Also as mentioned before, Raja was opposed to exorbitant taxation of peasantry, who were majority of his subjects and mostly low caste, and it was this issue that led him to war in 1784 and 1793.

His lower caste subjects reciprocated this love. In 1805, British demolished palace of Pazhassi Raja and confiscated all his property. His near and dear were rendered homeless and had no livelihood. In this moment it was local Tiyyars (members of a lower caste) who built a new palace for kin and kith of Pazhassi Raja. They did so because they loved Pazhassi Raja and hence were deeply pained by the distress of his family.

Raja took special care of his aides and troops. In fact, he was so brutal in revenge if any of his follower or his kin is harmed that not even most fearsome of bandits dare not to threaten Raja's followers' homes, where during war, only women and children were present.

Raja promoted capable men to key posts with no regard of caste, tribe or class. One of his eighteen viceroy Palliyath Ambu was a Vaniyan, a lower caste. A general of his named Pullambil Sankaran was of lower Tiyyar caste. His most famous general, Thalakkal Chandu was a member of forest tribe. Pazhayaveetil Chandu, though a Nayar, came from a wretched background. All of them remained loyal to Raja to the bitter end. Only Pazhayaveettil Chandu betrayed his master. Had it not been for these able and loyal lieutenants, of whom Edachena Kunkan, Chingot Chathu, Thalakkal Chandu, Kaitheri Ambu & Kannavath Sankaran are most important, Raja could not have held out against foreign aggressors for so long.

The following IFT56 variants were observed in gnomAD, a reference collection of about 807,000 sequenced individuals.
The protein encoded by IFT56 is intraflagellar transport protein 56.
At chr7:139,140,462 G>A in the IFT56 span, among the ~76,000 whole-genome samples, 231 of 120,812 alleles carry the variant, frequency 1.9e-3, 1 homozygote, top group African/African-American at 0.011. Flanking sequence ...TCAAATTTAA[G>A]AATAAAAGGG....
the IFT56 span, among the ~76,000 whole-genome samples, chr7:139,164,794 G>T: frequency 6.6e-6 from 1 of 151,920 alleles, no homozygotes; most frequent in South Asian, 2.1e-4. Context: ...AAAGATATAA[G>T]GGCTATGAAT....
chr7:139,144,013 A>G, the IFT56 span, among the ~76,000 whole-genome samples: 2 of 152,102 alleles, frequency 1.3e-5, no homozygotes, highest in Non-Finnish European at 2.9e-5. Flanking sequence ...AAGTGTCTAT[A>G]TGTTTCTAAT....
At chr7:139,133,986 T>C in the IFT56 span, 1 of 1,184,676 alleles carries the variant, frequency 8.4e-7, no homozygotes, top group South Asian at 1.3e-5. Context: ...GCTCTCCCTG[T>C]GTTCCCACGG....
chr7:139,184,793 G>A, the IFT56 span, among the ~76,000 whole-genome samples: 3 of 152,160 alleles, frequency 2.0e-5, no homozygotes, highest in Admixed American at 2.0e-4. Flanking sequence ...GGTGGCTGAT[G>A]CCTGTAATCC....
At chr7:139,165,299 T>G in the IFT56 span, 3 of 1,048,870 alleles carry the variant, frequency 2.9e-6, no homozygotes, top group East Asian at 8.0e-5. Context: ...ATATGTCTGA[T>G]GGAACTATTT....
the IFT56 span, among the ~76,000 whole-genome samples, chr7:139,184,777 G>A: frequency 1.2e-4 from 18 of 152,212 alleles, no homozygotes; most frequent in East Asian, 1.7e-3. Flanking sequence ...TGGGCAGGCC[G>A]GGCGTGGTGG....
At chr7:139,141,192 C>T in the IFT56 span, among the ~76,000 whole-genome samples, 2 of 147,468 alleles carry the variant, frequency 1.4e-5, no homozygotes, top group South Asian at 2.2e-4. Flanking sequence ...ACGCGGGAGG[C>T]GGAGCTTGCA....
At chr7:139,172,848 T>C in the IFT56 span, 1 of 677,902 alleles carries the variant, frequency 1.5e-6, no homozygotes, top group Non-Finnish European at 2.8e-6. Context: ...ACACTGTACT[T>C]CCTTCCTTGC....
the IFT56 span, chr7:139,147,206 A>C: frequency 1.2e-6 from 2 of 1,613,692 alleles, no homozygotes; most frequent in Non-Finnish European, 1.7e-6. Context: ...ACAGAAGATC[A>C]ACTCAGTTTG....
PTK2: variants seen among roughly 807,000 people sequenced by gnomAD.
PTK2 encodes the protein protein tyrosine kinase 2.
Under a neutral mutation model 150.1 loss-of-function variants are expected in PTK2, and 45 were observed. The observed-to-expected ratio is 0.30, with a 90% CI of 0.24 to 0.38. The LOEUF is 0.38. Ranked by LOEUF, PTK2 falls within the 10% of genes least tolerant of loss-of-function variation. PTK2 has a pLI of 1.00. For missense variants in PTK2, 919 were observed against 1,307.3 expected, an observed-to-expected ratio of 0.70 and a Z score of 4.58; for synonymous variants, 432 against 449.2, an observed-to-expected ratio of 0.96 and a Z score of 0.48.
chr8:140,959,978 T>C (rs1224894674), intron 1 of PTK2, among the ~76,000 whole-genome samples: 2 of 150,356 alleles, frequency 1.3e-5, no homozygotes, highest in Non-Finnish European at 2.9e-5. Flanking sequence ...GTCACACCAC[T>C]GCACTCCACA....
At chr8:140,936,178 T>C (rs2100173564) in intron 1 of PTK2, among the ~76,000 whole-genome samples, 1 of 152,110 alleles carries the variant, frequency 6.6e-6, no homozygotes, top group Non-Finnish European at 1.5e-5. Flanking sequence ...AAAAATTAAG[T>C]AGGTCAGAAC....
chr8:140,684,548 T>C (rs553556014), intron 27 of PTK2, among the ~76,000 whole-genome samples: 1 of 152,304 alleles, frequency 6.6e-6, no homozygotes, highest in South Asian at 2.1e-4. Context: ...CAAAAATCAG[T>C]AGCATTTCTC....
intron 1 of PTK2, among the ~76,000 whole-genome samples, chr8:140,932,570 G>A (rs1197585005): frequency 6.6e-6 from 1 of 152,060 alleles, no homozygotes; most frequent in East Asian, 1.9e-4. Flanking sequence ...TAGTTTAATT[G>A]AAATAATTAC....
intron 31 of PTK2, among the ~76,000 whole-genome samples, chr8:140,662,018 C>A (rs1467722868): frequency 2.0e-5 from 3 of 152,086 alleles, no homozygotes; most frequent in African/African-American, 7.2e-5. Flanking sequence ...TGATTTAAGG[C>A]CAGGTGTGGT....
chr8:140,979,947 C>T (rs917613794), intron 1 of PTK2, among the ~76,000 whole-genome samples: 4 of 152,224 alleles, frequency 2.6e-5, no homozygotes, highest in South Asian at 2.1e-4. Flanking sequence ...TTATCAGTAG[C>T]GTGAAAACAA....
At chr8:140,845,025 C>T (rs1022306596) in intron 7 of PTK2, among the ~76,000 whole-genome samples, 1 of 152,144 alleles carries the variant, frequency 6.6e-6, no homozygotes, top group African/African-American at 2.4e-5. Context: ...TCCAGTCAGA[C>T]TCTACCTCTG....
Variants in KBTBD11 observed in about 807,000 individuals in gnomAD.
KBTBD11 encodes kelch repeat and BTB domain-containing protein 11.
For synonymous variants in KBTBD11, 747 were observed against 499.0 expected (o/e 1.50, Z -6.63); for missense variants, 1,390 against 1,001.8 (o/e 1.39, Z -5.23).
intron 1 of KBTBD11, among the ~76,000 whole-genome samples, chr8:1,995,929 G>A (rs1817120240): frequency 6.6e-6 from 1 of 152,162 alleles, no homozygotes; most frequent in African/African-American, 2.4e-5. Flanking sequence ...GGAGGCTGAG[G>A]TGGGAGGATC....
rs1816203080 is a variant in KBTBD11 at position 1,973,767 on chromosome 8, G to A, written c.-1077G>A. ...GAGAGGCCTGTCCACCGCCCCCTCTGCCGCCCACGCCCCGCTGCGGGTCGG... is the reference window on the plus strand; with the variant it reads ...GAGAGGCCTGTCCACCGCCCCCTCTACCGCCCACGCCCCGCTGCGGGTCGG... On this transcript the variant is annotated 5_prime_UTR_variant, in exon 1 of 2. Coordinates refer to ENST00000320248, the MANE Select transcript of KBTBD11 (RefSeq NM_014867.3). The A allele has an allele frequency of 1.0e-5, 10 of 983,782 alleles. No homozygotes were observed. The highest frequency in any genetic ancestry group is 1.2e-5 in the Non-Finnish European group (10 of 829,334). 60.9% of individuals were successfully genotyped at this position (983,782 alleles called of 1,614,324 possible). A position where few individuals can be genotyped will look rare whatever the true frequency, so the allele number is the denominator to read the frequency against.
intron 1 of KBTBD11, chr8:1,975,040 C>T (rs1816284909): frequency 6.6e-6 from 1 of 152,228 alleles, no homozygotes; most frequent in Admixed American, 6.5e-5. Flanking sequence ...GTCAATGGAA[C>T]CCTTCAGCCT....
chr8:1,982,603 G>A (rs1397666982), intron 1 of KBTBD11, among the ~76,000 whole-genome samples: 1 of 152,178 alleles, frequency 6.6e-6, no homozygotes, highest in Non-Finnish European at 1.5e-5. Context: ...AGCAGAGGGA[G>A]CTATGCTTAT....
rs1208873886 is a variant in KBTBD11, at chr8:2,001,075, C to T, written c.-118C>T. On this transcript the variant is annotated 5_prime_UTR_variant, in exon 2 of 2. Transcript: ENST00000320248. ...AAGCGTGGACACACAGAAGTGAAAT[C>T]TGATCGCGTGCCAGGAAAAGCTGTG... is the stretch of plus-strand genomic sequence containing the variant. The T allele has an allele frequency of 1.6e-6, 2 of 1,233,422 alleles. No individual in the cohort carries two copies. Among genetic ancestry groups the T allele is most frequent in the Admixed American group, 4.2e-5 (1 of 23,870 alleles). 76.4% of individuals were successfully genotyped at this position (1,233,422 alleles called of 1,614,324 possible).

For over a decade after demise of Raja, British officials were worried that another revolt might explode in North Malabar and were worried by the fact that there were plenty of disgruntled elements in the area ready to revolt. 

Raja died without attainment of his objective of independence. But his struggle did have a beneficial outcome for people of Malabar. British rule in Malabar from 1792 to 1805 was marked by rapacity, corruption and inefficiency due to which ordinary people suffered much. Cotiote War taught British the lesson that people of Malabar should not be trifled with and cannot be trample with impunity. British rule from 1805 to 1947 was extremely exploitative for peasantry, the mass of people in Malabar. Yet, had it not been for Cotiote War, colonial exploitation and cruelty would have taken more barbaric and terrible forms.